MICHELE NORRIS, host: Another idea the president introduced in his deficit plan is what he's calling the Buffett Rule.
President BARACK OBAMA: Middle-class families shouldn't pay higher taxes than millionaires and billionaires. That's pretty straightforward. It's hard to argue against that. Warren Buffett's secretary shouldn't pay a higher tax rate than Warren Buffett.
NORRIS: Warren Buffett is, of course, the billionaire investor and CEO of Berkshire Hathaway, who insists the rich should be taxed more.
Here's NPR's Tamara Keith with the economics of the president's Buffett Rule.
TAMARA KEITH: On August 14th, the New York Times ran an op-ed from Warren Buffett. The headline: Stop Coddling the Super-Rich. In it, he said he was taxed at a lower rate than his non-billionaire staff. It caught fire on the Internet. This argument wasn't a new one from the Oracle of Omaha. In 2007, he sat down with Tom Brokaw for a segment that aired on "The NBC Nightly News."
(SOUNDBITE OF ARCHIVED INTERVIEW)
WARREN BUFFETT: My total taxes paid - payroll taxes plus income tax - mine came to 17.7 percent. The average for the office was 32.9 percent. There wasn't anybody in the office, from the receptionist on up, that paid as low a tax rate. And I have no tax planning. I don't have an accountant. I don't have tax shelters. I just follow what the U.S. Congress tells me to do.
KEITH: The president didn't offer specifics about the Buffett Rule today, and neither did Treasury Secretary Timothy Geithner when he was asked about it at a White House press briefing.
Secretary TIMOTHY GEITHNER: Americans who are fortunate enough to make over a million dollars should, as a share of their income, pay a minimum level that is no lower than that paid by an average, middle-class family. Lots of different ways to do that.
KEITH: So how many of these million-dollar Americans are there? Roberton Williams is a senior fellow at the nonpartisan Tax Policy Center.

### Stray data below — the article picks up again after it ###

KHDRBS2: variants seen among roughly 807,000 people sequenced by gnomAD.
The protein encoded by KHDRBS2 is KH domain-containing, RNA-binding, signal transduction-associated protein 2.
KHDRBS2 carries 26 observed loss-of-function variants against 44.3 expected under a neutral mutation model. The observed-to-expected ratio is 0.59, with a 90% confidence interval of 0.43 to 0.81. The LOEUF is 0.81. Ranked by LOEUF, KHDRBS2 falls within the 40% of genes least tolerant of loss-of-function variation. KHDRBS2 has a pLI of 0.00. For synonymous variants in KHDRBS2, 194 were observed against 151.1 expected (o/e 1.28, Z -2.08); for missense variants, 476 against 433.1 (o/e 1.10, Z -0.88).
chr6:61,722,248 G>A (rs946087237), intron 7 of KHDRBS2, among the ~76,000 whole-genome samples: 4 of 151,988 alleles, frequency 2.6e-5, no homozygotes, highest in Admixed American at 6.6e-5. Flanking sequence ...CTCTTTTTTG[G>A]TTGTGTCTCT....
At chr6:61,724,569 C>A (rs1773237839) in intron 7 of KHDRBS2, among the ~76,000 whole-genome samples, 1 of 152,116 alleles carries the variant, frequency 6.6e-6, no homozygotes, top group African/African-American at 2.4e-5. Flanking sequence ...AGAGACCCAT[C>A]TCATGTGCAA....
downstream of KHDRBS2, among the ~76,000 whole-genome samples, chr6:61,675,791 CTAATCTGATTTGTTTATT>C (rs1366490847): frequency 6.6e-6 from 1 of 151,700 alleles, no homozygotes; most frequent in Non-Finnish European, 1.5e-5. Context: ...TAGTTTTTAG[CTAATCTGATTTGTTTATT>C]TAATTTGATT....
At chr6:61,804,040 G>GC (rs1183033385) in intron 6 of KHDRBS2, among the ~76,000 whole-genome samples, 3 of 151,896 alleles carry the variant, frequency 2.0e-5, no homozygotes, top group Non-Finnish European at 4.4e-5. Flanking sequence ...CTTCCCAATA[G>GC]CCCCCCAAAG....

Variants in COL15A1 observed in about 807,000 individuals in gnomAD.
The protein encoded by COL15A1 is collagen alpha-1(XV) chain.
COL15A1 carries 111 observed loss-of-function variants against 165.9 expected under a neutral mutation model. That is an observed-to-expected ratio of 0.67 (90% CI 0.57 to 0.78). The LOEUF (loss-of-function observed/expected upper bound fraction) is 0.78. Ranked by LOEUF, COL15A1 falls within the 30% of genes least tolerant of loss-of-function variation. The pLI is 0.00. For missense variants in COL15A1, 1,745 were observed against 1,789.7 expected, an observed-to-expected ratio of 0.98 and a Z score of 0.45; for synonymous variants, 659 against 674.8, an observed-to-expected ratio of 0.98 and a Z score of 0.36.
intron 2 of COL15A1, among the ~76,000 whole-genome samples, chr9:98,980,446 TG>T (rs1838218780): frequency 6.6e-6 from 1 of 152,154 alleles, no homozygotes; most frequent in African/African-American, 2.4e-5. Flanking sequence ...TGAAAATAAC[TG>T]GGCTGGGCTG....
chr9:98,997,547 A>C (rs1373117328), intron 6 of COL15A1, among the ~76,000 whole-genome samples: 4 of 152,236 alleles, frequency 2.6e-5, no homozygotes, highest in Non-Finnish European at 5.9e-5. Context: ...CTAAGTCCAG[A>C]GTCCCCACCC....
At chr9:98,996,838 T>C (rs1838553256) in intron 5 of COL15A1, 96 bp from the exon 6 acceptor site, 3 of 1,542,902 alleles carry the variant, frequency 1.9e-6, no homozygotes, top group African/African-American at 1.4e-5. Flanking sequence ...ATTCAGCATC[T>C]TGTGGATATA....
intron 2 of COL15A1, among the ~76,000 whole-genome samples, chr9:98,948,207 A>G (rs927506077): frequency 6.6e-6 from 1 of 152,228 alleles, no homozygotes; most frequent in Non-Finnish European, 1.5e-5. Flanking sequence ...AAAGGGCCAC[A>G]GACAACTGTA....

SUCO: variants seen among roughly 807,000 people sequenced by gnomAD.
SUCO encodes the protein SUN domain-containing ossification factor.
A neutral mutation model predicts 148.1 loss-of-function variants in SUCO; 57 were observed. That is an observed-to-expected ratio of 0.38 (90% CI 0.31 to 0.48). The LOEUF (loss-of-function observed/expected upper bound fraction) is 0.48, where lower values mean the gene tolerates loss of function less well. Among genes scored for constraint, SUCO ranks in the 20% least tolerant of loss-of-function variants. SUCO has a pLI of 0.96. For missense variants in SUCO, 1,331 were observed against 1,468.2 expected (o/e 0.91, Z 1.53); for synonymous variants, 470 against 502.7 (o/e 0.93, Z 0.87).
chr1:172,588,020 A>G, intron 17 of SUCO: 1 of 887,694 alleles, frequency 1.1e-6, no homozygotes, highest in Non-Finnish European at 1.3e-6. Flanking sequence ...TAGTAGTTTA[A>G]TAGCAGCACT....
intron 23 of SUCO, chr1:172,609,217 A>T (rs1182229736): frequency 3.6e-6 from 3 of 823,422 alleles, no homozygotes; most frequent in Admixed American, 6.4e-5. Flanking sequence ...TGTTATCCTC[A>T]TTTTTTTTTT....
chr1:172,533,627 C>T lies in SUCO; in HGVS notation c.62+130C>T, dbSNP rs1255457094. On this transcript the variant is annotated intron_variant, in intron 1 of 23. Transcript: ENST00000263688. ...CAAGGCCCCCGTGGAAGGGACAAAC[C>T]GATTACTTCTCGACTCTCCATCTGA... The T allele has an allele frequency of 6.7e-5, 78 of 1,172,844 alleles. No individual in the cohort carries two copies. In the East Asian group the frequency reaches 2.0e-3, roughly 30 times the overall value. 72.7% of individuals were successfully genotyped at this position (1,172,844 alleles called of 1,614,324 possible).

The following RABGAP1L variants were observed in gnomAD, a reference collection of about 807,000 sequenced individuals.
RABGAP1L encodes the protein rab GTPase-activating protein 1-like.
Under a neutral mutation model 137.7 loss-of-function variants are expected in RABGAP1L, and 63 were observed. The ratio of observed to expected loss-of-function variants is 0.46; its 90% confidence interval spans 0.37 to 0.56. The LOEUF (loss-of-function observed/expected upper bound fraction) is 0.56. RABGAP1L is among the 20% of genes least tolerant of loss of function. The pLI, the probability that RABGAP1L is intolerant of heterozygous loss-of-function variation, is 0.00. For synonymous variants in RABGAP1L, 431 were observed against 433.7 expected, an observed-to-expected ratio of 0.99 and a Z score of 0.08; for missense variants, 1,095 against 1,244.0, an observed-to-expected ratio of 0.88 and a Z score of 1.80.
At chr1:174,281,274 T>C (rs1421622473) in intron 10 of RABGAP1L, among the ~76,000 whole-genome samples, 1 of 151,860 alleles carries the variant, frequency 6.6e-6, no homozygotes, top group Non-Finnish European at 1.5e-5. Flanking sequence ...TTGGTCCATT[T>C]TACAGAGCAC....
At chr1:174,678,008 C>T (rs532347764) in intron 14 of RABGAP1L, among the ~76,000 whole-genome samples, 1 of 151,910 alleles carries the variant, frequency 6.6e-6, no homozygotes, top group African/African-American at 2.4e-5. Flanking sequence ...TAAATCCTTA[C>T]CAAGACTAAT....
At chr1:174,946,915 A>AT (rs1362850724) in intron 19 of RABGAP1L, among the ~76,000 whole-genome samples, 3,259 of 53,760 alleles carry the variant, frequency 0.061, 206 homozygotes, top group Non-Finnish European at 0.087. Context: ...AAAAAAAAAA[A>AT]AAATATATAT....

ROBERTON WILLIAMS: We estimate there are about 433,000 people who will earn a million dollars from all sources of income this year.
KEITH: His number is somewhat larger than what you'll get from the IRS. But either way, there aren't very many of them as a share of the U.S. population.
WILLIAMS: So they make a very appealing target. They've got a lot more money, they've done very well, and their tax rates have gone down in recent years.
KEITH: The Bush-era tax cuts lowered the top-level income tax rate, and they also lowered the tax on capital gains - sales of assets like stocks or businesses. That rate is now 15 percent. An analysis of IRS statistics shows households earning near the national average. So in the $40,000 to $50,000 range, they get the vast majority of their income from wages, while those bringing in more than a million dollars a year only get about a third of their income from wages. Williams says the rich tend to get more of their money from capital gains and dividends.
WILLIAMS: The average tax rate at the very top end is about 29 percent at the federal level. But there are a lot of people, like Warren Buffett, who pay a lot lower tax rate on their total income than do working Americans.
KEITH: But Williams points out that more heavily taxing CEOs, celebrities, sports stars and hedge fund managers isn't the answer to the nation's deficit woes - not even close. He put together an estimate based on a tax rate that's so high it's not likely happen. He says that if you taxed all income above $1 million at 50 percent, you'd only get 10 percent of what most experts say is needed to tackle the nation's deficit.
Alan Viard is a resident scholar at the American Enterprise Institute. He says the president is making a mistake by putting a focus on taxing millionaires.
ALAN VIARD: I think what we have to see, from both Republicans and Democrats, is a greater emphasis on the things that - the hard choices we'll ultimately have to make, instead of the easy choices we would like to think would be enough.
KEITH: Congressional Republicans have been quick to criticize the Buffett rule. They were all over the Sunday talk shows, referring to it as class warfare. The debate that Warren Buffett started will no doubt rage on through the 2012 elections.
Tamara Keith, NPR News, Washington.